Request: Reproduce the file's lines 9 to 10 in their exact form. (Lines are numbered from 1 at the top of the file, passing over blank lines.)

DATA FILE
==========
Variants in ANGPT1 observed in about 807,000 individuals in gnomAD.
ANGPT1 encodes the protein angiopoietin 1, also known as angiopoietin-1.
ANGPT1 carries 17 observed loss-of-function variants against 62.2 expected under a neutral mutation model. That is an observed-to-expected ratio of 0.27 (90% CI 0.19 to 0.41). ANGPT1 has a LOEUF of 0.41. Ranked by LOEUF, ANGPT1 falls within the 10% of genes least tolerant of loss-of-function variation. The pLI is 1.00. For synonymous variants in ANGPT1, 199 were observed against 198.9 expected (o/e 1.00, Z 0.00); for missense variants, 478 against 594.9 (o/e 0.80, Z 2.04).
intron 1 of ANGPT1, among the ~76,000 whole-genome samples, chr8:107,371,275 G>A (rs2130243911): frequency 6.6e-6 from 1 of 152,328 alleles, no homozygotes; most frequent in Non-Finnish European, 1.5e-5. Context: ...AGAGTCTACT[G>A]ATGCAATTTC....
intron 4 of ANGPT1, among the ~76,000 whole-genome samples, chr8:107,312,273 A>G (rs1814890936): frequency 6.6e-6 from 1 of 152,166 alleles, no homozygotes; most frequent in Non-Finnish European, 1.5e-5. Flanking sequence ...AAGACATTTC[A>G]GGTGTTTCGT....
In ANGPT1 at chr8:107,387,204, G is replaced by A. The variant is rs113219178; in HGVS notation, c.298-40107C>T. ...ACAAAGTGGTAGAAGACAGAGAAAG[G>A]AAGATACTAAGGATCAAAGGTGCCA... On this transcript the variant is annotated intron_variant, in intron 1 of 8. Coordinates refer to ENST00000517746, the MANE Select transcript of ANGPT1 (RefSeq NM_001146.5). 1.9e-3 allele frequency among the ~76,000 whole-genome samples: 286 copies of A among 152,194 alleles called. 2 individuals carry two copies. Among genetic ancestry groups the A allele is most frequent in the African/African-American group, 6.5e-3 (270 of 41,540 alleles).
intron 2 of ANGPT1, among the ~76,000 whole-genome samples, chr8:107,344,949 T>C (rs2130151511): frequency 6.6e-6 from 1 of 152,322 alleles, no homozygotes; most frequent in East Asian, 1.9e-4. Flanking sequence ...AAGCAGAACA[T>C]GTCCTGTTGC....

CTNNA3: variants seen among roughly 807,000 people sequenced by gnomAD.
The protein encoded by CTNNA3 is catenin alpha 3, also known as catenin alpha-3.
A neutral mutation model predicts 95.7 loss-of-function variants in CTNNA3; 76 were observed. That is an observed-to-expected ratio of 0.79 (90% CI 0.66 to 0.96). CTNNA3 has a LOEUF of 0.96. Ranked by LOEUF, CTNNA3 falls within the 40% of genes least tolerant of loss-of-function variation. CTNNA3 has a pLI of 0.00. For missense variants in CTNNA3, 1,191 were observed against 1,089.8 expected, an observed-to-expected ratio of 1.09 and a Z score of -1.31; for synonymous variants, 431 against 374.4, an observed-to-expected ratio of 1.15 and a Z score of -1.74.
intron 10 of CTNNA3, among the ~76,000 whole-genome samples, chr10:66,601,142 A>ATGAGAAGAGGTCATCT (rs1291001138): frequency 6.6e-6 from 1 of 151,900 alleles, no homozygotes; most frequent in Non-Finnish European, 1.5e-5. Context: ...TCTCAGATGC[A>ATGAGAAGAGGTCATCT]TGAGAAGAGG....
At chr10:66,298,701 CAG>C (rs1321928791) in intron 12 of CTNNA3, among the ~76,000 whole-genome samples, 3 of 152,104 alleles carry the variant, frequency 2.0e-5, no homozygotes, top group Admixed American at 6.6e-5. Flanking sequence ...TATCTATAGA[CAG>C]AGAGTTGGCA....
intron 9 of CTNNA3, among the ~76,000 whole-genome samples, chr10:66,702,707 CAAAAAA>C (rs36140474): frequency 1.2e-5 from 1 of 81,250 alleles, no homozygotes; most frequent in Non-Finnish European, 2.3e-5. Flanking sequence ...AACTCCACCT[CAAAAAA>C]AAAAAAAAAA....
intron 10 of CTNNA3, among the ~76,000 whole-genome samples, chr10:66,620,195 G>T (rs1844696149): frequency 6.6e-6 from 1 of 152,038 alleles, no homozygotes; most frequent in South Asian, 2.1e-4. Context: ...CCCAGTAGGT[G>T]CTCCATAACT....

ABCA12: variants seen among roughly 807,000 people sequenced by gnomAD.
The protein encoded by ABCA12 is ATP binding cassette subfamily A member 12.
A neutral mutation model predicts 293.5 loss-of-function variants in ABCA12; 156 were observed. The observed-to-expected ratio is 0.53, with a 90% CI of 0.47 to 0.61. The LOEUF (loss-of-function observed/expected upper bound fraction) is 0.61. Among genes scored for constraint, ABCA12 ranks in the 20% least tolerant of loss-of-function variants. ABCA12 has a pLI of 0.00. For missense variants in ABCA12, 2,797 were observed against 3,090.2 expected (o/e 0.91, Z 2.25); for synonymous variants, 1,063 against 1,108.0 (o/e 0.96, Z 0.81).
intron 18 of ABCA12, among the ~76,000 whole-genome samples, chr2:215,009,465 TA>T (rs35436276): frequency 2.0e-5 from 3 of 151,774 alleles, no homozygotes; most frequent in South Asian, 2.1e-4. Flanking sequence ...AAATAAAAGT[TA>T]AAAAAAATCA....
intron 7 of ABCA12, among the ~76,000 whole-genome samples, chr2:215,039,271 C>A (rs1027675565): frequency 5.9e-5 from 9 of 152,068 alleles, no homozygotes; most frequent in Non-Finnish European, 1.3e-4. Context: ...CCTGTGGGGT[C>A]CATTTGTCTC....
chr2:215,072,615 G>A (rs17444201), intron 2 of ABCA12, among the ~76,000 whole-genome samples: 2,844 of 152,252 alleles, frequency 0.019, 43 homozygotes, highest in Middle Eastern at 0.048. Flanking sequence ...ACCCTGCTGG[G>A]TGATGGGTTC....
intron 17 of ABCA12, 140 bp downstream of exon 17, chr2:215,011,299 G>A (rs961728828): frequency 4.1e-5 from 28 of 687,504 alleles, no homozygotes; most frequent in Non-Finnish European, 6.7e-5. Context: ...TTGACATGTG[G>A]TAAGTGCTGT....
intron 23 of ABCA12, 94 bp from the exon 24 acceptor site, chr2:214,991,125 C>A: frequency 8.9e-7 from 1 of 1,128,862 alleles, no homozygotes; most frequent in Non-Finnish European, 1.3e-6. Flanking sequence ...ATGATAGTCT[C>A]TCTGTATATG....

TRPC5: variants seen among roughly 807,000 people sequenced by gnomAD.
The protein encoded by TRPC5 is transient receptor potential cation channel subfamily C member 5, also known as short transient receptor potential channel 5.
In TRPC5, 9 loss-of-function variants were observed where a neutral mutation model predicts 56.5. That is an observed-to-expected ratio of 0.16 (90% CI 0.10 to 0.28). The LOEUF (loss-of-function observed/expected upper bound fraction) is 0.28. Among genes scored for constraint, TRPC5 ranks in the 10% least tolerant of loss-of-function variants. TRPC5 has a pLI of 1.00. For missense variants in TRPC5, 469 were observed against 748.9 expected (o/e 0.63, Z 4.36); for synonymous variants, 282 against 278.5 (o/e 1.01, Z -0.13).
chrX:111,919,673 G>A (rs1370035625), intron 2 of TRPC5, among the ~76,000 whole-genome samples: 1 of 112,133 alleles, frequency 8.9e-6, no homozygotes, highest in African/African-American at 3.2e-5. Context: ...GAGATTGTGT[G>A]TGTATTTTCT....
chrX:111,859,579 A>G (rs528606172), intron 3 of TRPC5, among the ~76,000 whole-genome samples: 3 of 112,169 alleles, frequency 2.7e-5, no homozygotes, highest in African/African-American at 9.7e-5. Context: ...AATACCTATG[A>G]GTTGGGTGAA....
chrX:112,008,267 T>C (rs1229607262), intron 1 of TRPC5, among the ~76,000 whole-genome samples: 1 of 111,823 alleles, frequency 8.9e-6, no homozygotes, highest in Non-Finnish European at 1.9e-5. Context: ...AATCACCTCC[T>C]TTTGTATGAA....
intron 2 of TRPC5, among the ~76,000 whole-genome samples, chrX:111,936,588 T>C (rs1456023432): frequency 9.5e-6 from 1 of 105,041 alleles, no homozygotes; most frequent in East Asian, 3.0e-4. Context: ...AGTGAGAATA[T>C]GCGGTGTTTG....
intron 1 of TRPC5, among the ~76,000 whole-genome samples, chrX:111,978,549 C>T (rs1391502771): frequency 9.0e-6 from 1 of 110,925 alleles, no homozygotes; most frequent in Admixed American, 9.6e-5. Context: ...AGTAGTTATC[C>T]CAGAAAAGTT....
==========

The protein encoded by CTNNA3 is catenin alpha 3, also known as catenin alpha-3.
A neutral mutation model predicts 95.7 loss-of-function variants in CTNNA3; 76 were observed. That is an observed-to-expected ratio of 0.79 (90% CI 0.66 to 0.96). CTNNA3 has a LOEUF of 0.96. Ranked by LOEUF, CTNNA3 falls within the 40% of genes least tolerant of loss-of-function variation. CTNNA3 has a pLI of 0.00. For missense variants in CTNNA3, 1,191 were observed against 1,089.8 expected, an observed-to-expected ratio of 1.09 and a Z score of -1.31; for synonymous variants, 431 against 374.4, an observed-to-expected ratio of 1.15 and a Z score of -1.74.